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Pricing Research

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 A bunch of us here at TRC enjoy trivia, so we’ve been playing HQ Trivia using their online app for the past few months. HQ is a 12-question multiple choice quiz that requires a correct answer to move on to the next question. As a group, we have yet to get through all 12 questions and win our share of the prize pool. But it’s a nice team-building exercise and we like learning new things (who knew that 2 US Presidents were born in Vermont).  
 
Given the fun we have playing it, I can understand HQ’s success from the player perspective. Where I am a bit confused is the value proposition for its creators. Venture capital funding provides the prize money.  But there are no ads, so I’m not sure how anybody’s actually making money. There are occasional tie-in partnerships (The awesome Dwayne Johnson hosted one of the gaming sessions to promote his newest movie release, “Rampage”.)  But I suppose the biggest question is, will interest in HQ still be there when they’ve finally signed on enough sponsors to be profitable?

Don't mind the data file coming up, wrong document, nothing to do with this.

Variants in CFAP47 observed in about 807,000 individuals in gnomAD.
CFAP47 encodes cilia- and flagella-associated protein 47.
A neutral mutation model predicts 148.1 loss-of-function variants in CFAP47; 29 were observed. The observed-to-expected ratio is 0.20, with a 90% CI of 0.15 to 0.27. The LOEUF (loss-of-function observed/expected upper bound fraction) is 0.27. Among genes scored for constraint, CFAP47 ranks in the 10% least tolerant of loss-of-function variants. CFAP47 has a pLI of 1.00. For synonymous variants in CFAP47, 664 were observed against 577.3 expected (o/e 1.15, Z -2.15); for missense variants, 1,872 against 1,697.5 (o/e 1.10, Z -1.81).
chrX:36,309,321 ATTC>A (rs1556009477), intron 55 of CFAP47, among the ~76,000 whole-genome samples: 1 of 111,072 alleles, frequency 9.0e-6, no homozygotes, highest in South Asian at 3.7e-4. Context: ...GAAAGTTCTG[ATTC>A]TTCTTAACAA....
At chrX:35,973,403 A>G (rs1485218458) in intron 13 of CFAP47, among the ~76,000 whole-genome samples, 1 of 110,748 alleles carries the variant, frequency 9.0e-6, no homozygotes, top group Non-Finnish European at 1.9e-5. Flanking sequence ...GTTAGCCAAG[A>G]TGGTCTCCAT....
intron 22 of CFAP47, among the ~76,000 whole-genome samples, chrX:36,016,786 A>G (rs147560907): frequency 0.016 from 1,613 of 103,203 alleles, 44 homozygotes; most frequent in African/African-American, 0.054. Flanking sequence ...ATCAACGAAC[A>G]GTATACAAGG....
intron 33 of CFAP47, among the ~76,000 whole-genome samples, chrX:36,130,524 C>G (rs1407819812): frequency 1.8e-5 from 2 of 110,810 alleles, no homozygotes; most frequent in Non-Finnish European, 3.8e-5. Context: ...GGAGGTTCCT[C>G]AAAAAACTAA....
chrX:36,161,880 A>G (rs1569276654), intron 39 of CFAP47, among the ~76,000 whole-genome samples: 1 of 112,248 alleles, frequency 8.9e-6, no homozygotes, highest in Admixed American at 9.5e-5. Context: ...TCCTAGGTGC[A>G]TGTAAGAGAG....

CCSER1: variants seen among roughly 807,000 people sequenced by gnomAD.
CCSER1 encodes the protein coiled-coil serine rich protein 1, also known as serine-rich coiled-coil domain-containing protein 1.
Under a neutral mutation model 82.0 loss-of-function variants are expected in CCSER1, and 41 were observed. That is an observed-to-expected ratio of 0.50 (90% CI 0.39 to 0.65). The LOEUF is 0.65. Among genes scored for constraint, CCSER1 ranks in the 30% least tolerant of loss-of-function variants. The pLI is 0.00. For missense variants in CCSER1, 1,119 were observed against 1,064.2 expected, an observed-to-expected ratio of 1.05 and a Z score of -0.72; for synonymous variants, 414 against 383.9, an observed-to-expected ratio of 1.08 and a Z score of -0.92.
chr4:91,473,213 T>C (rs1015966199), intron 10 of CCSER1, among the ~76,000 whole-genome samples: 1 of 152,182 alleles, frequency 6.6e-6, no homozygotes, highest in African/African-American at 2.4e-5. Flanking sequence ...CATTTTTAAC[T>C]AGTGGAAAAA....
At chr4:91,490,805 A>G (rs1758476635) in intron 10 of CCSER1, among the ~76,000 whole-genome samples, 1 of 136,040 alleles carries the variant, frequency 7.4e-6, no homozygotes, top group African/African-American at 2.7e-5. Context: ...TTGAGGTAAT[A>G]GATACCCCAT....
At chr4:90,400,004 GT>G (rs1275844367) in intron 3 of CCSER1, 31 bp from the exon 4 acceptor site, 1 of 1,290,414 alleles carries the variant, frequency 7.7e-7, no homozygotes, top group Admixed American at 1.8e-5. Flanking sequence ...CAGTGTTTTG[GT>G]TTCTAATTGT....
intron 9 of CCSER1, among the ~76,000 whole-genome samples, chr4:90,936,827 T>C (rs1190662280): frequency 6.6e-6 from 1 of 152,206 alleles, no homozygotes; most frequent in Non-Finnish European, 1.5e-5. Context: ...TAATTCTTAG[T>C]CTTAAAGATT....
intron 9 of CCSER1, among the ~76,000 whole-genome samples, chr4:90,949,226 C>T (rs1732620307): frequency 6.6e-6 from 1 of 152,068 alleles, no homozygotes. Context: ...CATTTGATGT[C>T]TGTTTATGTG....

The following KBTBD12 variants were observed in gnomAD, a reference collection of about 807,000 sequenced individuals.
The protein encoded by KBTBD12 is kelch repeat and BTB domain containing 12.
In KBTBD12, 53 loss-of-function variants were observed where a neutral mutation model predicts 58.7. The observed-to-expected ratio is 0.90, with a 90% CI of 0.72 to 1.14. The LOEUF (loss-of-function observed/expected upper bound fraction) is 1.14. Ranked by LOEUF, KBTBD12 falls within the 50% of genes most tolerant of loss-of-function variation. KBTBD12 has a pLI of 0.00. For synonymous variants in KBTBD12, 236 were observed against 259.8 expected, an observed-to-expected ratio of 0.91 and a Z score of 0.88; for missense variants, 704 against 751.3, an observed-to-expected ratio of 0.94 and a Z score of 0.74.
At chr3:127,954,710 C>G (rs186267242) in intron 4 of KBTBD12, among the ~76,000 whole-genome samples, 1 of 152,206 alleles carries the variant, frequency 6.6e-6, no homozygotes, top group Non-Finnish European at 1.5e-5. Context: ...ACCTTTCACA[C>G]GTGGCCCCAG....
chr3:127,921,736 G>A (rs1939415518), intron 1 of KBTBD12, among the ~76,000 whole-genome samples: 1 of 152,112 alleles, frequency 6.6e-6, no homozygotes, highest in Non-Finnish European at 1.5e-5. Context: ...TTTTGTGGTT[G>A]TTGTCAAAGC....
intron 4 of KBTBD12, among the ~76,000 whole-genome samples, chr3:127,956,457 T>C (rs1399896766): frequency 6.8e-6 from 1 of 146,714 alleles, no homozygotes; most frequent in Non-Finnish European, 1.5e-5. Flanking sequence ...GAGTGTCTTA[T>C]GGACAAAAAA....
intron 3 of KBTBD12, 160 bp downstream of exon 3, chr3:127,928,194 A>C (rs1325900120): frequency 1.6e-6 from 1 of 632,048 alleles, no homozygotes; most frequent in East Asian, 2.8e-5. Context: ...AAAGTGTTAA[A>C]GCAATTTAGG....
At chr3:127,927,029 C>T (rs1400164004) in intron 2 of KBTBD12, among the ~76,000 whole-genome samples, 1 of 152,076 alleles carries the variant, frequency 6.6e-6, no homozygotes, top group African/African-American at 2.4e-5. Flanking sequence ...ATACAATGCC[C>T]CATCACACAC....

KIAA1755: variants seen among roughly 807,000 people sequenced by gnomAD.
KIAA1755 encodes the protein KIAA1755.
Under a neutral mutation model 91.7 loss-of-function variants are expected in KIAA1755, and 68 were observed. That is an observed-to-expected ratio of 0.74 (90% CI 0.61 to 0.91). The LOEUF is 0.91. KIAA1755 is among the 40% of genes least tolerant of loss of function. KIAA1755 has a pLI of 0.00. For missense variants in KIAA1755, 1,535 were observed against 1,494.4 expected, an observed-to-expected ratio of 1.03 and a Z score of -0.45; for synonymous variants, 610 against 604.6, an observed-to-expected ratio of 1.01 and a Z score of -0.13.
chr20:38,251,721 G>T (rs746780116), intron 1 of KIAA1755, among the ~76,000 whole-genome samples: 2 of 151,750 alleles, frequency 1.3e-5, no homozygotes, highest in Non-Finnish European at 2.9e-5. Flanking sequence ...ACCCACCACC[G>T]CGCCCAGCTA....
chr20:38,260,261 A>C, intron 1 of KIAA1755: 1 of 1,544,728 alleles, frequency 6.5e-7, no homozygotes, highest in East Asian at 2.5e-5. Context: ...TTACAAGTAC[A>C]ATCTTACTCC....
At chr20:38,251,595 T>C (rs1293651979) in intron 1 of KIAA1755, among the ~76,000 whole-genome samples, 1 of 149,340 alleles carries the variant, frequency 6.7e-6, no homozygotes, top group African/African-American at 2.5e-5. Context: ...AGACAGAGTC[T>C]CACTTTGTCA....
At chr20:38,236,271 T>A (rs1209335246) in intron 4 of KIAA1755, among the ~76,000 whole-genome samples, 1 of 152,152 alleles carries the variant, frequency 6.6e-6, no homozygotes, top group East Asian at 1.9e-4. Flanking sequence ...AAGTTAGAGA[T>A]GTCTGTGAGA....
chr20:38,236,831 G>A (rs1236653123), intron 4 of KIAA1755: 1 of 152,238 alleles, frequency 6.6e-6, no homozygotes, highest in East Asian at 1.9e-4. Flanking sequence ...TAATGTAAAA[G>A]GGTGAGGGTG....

We do a lot of pricing research at TRC, and can model on a variety of variables. But predicting the direction of demand is nearly impossible for certain products. For consumables and many services, product demand is predictable. How your product fares compared to the competition may have its ups and downs, but you can assume that people who bought toilet paper 2 weeks ago will be in the market for toilet paper again soon.
 
But with something like HQ Trivia, product demand is much more difficult to determine in advance, especially more than a few weeks from now. Right now it’s still hot – routinely attracting 700,000 – 1,000,000+ players (HQers) in a given game. How do the creators – and investors and potential sponsors – know whether it’s a good investment?  What if interest suddenly declines, either because the novelty has worn off or because something better comes along?